Cars Talking to Each Other: Myth or Reality?

One might say that communication, as a way of exchanging information between the sender and the receiver, is peculiar to human beings and animals only; however, there are examples that prove that non-living things can communicate between each other, too. Just think of inanimate objects like mobile phones and computers - they are involved in a wireless communication through networks. Nonetheless, the end of the list is not there. The latest trends in the automotive industry show that automobiles will start talking to each other, as well.

In the desire to prevent crashes and improve road safety, a technology called Vehicle-to-Vehicle Communications (V2V) is soon to become mandatory on the US roadways. Basically, the system is designed in a way as to enable a wireless communication between nearby motor vehicles (within the range up to 300 yards). Having a radio transponder as part of the obligatory equipment, all vehicles (cars, trucks, buses and trains) will be able to warn the motorists of potential perils and consequently they will be able to take certain pre-emptive steps thus avoiding traffic accidents. To be more precise, they will be able to exchange data on speed and positioning,  alert each other when they come across an obstacle or warn about lane changes and the driver himself will be warned by a flashing message or an audible warning.

The vehicular real time communication is accomplished using the Dedicated Short Range Communications standard and there are many universities (i.e. University of California, Berkeley, Stanford, UCLA) and car manufacturers (i.e. Ford, Honda, GM, BMW) that are constantly working on improving it. They have all joined forces in order to achieve a common goal - creating safer driving conditions especially now that the National Highway Traffic Safety Administration has estimated  that this intelligent transport system could reduce fatal traffic crashes up to 80%.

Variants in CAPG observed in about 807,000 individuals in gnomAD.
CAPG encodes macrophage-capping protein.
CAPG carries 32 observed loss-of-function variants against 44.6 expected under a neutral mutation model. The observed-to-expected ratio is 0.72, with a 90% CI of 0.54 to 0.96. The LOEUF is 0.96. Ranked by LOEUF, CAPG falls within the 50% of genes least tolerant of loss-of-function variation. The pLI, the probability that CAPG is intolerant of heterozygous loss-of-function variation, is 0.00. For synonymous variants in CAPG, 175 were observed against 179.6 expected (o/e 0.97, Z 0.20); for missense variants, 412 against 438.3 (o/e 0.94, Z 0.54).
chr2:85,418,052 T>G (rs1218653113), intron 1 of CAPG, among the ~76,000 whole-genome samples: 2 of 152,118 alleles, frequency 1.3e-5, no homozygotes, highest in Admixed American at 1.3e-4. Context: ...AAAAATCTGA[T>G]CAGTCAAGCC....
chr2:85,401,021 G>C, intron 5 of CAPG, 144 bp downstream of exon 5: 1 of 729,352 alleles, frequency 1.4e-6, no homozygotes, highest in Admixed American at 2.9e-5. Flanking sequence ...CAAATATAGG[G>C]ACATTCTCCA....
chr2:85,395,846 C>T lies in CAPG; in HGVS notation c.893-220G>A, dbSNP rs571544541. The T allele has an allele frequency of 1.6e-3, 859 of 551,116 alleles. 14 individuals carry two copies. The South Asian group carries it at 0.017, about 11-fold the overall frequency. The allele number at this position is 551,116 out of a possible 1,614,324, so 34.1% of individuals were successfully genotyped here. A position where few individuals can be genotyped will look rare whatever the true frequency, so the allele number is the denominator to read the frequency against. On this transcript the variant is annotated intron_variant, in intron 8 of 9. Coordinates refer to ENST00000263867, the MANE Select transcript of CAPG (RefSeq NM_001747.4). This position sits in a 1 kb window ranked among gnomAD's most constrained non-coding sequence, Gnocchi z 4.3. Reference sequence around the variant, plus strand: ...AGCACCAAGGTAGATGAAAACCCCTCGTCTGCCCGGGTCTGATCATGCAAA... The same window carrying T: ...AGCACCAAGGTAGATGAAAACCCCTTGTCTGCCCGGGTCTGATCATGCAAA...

Yet, in order for this initiative to be fully operable, a critical mass of motor vehicles equipped with V2V technology has to be attained, which could be a process that takes many years. Once adoption becomes widespread, the benefits are to be expected within 8 years.

As for some long term plans, the next phase of the development of V2V technology could lead to fully autonomous motor vehicles, with California, Nevada, Florida and Michigan already having passed laws allowing self-driving cars to be tested on public roads.

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